Overall, the story was not the king here, but the devices used to bring the story to the screen were nothing short of groundbreaking. I don’t look forward to the plethora of film students who try to mimic the style since it is fairly easy to accomplish and is forgiving of lower quality footage, but the film was outstanding in it’s unorthodox reinventing of a genre.

This is the new standard for American monster movies. While monster movies are a little more tolerable than horror movies to me, neither are really my shtick. But I enjoyed it thoroughly, even if I had some minor qualms with the story (which I won’t go into and ruin anything for you).

Grade: A-

A little interesting tidbit… this movie recreated one of my worst reoccuring nightmares I had as a child… big monster, plenty of people… yet I’m singled out.

On another note… on the first time that I saw a movie by myself… I managed to wear a trenchcoat. I really hope I didn’t creep anyone out, but hey, it’s really cold outside, it’s my dad’s trenchcoat, and I’m a sucker for noir and the 20s. It just didn’t help that I was by myself…

For a further look into the aspects of Cloverfield: Read the rest of this entry »

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.:Movie Review: Juno

January 24, 2008 at 7:14 pm (movie review) (, )

“You should’ve gone to China, you know, ’cause I hear
they give away babies like free iPods. You know,
they pretty much just put them in those t-shirt guns
and shoot them out at sporting events. “

~Juno

Juno

I recently saw Juno with my wife last weekend. It seemed to be a good choice as people were lauding it as the next Little Miss Sunshine. The trailer looked quirky/witty, and there were plenty of fairly recognizable faces, even if I couldn’t put names to all of them.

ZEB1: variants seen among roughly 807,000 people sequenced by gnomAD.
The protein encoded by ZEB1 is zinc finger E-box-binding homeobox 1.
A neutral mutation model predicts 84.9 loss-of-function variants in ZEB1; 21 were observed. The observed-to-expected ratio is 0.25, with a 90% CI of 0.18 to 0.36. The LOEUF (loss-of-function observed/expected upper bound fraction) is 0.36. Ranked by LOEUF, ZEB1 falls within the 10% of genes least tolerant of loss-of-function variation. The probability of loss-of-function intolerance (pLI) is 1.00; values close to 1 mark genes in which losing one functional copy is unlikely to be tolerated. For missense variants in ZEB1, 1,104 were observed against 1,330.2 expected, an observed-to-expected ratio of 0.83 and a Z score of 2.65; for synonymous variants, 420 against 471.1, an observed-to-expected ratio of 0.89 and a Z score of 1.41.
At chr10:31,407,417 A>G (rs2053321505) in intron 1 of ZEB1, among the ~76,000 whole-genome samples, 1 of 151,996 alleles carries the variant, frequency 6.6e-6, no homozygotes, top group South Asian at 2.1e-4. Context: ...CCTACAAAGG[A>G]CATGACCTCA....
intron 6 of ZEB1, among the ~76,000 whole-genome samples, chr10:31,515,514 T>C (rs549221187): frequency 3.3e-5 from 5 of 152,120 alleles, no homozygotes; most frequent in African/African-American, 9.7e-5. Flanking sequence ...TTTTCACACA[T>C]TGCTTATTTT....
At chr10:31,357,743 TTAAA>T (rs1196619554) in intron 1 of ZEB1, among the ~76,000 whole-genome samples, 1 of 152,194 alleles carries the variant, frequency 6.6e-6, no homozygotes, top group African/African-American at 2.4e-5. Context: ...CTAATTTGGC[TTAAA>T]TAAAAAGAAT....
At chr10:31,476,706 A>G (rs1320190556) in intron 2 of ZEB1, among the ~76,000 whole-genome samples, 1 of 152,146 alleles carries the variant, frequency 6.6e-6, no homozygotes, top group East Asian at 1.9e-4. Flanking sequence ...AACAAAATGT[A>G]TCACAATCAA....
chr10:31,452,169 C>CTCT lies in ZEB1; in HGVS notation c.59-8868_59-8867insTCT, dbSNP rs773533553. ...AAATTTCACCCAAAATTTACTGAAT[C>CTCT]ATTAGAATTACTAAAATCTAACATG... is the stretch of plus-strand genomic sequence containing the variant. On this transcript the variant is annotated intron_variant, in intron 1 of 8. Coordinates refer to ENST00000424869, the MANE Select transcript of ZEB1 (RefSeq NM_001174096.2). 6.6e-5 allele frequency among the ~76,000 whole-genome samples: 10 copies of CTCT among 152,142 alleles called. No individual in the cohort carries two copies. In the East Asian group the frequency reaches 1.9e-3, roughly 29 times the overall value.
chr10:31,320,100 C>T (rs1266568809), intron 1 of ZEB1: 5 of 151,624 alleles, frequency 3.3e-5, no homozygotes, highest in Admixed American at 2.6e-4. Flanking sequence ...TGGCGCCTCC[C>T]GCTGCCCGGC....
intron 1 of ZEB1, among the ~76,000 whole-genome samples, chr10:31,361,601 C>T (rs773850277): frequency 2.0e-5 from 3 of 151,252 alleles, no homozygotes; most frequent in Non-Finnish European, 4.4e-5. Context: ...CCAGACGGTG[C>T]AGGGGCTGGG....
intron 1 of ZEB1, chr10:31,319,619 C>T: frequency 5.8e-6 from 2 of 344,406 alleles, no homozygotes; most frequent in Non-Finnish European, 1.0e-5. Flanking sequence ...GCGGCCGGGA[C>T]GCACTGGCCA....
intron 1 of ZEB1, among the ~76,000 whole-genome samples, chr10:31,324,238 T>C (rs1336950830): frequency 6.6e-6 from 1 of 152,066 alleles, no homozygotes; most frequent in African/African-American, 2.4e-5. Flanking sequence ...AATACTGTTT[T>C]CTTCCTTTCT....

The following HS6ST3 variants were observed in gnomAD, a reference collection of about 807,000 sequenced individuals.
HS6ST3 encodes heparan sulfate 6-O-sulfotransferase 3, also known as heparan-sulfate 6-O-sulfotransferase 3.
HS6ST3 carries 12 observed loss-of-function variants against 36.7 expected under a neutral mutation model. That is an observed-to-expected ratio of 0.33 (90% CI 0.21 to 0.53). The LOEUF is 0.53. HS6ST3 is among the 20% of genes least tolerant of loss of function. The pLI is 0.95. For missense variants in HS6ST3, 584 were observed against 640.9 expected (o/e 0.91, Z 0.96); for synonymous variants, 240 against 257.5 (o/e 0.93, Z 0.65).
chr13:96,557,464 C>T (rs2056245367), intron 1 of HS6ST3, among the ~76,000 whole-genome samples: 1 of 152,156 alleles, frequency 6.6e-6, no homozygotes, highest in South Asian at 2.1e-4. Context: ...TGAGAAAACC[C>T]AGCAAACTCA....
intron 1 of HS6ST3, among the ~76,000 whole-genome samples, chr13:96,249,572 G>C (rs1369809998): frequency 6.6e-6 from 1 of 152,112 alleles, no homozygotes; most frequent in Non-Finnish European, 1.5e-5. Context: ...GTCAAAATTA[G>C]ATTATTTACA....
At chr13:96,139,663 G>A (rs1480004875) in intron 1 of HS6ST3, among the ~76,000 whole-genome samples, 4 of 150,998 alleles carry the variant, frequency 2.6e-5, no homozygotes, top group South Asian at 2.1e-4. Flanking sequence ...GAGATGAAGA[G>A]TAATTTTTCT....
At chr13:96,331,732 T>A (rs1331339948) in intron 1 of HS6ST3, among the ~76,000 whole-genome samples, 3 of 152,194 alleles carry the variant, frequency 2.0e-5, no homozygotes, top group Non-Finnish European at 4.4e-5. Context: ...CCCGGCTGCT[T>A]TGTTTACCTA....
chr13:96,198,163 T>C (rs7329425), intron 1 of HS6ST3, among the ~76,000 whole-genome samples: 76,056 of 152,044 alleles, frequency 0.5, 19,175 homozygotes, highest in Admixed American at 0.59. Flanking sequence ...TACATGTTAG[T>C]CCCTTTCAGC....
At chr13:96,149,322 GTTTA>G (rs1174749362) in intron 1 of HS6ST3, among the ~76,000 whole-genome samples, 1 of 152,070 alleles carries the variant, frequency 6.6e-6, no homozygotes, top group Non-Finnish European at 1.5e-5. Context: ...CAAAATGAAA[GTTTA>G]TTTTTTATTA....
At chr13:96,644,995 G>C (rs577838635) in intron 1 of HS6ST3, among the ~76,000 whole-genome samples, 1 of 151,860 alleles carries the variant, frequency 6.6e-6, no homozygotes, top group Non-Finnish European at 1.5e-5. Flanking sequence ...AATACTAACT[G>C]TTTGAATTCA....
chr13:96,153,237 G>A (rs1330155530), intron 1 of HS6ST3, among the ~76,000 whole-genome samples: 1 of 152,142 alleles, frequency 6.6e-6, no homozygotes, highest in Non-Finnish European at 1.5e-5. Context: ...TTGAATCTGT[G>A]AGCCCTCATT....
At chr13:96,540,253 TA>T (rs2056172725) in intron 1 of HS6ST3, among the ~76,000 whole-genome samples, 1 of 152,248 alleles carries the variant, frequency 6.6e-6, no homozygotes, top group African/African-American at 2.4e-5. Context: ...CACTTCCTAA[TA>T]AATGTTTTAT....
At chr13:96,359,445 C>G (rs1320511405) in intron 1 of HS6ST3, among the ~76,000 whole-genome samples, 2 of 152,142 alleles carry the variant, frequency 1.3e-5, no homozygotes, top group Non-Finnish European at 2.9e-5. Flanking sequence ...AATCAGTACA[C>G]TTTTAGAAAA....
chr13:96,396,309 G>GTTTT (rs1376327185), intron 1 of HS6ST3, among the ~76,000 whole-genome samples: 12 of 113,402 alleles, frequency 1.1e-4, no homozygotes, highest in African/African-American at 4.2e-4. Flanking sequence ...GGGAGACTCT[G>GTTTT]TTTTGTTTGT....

Starting out, I began to wonder if Juno was Napoleon Dynamite‘s (the movie, not the character) cooler sister, as the opening sequence was animated in a style that evoked the indie-flavor of the latter film. But shortly thereafter, Juno delved deeper into a more mature set of themes and images (the first sequence including the sex scene that begins the story of her pregnancy).

For me, it almost seemed that the movie would hearken to other popular indie titles, but be different enough that it would be difficult to directly compare the film to its influences and neighbors.

Summary: Juno had very enjoyable parts, painfully awkward parts (not the funny sort, but the I’m-cringing-and-not-wanting-to-look-at-the-screen parts), and a few moments of sincere authenticity from some of the cast members (especially Jennifer Garner). I probably wouldn’t watch it again, but it usually takes extraordinary quality for me to watch a film multiple times.

Grade: B-

My wife is heading to NYC this weekend, so I’m hoping to catch Cloverfield (the movie, not the monster) by myself. If so, I’ll give a review on that.

For a further look into the aspects of Juno, click on the link: Read the rest of this entry »